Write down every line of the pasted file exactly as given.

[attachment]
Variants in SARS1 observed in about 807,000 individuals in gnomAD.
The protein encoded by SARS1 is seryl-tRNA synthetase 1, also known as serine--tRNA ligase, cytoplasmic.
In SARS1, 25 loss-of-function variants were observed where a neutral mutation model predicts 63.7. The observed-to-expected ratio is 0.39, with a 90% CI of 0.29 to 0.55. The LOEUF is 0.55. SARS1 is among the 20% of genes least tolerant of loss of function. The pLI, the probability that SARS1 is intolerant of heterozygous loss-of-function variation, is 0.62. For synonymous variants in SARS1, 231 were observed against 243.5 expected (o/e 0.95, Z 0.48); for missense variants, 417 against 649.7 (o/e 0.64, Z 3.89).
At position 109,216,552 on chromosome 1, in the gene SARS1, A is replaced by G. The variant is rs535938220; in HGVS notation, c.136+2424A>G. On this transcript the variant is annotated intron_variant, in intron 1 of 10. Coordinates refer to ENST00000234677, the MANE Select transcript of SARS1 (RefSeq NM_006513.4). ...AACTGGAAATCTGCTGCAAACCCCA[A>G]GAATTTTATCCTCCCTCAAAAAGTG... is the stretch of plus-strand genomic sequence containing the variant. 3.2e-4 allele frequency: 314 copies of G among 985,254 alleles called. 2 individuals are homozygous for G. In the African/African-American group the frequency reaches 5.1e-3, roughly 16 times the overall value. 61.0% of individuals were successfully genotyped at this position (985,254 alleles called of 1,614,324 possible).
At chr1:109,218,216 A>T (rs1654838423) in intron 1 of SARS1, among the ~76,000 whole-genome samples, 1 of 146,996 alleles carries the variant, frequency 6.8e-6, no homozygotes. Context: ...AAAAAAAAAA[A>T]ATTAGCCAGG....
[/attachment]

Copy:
Variants in SARS1 observed in about 807,000 individuals in gnomAD.
The protein encoded by SARS1 is seryl-tRNA synthetase 1, also known as serine--tRNA ligase, cytoplasmic.
In SARS1, 25 loss-of-function variants were observed where a neutral mutation model predicts 63.7. The observed-to-expected ratio is 0.39, with a 90% CI of 0.29 to 0.55. The LOEUF is 0.55. SARS1 is among the 20% of genes least tolerant of loss of function. The pLI, the probability that SARS1 is intolerant of heterozygous loss-of-function variation, is 0.62. For synonymous variants in SARS1, 231 were observed against 243.5 expected (o/e 0.95, Z 0.48); for missense variants, 417 against 649.7 (o/e 0.64, Z 3.89).
At position 109,216,552 on chromosome 1, in the gene SARS1, A is replaced by G. The variant is rs535938220; in HGVS notation, c.136+2424A>G. On this transcript the variant is annotated intron_variant, in intron 1 of 10. Coordinates refer to ENST00000234677, the MANE Select transcript of SARS1 (RefSeq NM_006513.4). ...AACTGGAAATCTGCTGCAAACCCCA[A>G]GAATTTTATCCTCCCTCAAAAAGTG... is the stretch of plus-strand genomic sequence containing the variant. 3.2e-4 allele frequency: 314 copies of G among 985,254 alleles called. 2 individuals are homozygous for G. In the African/African-American group the frequency reaches 5.1e-3, roughly 16 times the overall value. 61.0% of individuals were successfully genotyped at this position (985,254 alleles called of 1,614,324 possible).
At chr1:109,218,216 A>T (rs1654838423) in intron 1 of SARS1, among the ~76,000 whole-genome samples, 1 of 146,996 alleles carries the variant, frequency 6.8e-6, no homozygotes. Context: ...AAAAAAAAAA[A>T]ATTAGCCAGG....